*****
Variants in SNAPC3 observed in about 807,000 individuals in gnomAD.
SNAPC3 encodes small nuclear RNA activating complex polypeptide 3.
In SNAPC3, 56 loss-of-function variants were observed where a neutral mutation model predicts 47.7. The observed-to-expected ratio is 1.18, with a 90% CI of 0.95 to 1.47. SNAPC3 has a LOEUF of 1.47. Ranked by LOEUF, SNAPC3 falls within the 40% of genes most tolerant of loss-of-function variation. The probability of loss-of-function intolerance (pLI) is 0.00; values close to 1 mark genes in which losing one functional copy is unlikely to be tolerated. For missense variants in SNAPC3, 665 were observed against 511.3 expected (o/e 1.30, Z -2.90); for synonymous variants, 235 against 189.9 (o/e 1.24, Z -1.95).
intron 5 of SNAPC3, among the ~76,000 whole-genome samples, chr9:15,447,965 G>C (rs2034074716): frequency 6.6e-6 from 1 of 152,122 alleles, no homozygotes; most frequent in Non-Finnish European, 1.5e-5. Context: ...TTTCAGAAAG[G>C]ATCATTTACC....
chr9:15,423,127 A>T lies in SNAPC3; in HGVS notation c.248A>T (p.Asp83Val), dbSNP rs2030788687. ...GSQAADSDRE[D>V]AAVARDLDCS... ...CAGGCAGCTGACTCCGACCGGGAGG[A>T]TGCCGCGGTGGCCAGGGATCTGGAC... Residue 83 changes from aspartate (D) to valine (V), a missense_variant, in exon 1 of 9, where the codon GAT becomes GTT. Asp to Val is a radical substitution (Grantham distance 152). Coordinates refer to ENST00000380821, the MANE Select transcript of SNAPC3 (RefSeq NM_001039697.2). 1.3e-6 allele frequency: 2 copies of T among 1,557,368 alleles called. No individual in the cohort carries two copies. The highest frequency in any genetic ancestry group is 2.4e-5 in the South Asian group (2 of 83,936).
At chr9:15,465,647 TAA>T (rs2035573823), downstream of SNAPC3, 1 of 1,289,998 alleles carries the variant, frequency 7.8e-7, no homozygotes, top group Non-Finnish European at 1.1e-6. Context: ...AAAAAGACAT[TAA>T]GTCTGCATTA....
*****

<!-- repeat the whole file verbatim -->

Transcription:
Variants in SNAPC3 observed in about 807,000 individuals in gnomAD.
SNAPC3 encodes small nuclear RNA activating complex polypeptide 3.
In SNAPC3, 56 loss-of-function variants were observed where a neutral mutation model predicts 47.7. The observed-to-expected ratio is 1.18, with a 90% CI of 0.95 to 1.47. SNAPC3 has a LOEUF of 1.47. Ranked by LOEUF, SNAPC3 falls within the 40% of genes most tolerant of loss-of-function variation. The probability of loss-of-function intolerance (pLI) is 0.00; values close to 1 mark genes in which losing one functional copy is unlikely to be tolerated. For missense variants in SNAPC3, 665 were observed against 511.3 expected (o/e 1.30, Z -2.90); for synonymous variants, 235 against 189.9 (o/e 1.24, Z -1.95).
intron 5 of SNAPC3, among the ~76,000 whole-genome samples, chr9:15,447,965 G>C (rs2034074716): frequency 6.6e-6 from 1 of 152,122 alleles, no homozygotes; most frequent in Non-Finnish European, 1.5e-5. Context: ...TTTCAGAAAG[G>C]ATCATTTACC....
chr9:15,423,127 A>T lies in SNAPC3; in HGVS notation c.248A>T (p.Asp83Val), dbSNP rs2030788687. ...GSQAADSDRE[D>V]AAVARDLDCS... ...CAGGCAGCTGACTCCGACCGGGAGG[A>T]TGCCGCGGTGGCCAGGGATCTGGAC... Residue 83 changes from aspartate (D) to valine (V), a missense_variant, in exon 1 of 9, where the codon GAT becomes GTT. Asp to Val is a radical substitution (Grantham distance 152). Coordinates refer to ENST00000380821, the MANE Select transcript of SNAPC3 (RefSeq NM_001039697.2). 1.3e-6 allele frequency: 2 copies of T among 1,557,368 alleles called. No individual in the cohort carries two copies. The highest frequency in any genetic ancestry group is 2.4e-5 in the South Asian group (2 of 83,936).
At chr9:15,465,647 TAA>T (rs2035573823), downstream of SNAPC3, 1 of 1,289,998 alleles carries the variant, frequency 7.8e-7, no homozygotes, top group Non-Finnish European at 1.1e-6. Context: ...AAAAAGACAT[TAA>T]GTCTGCATTA....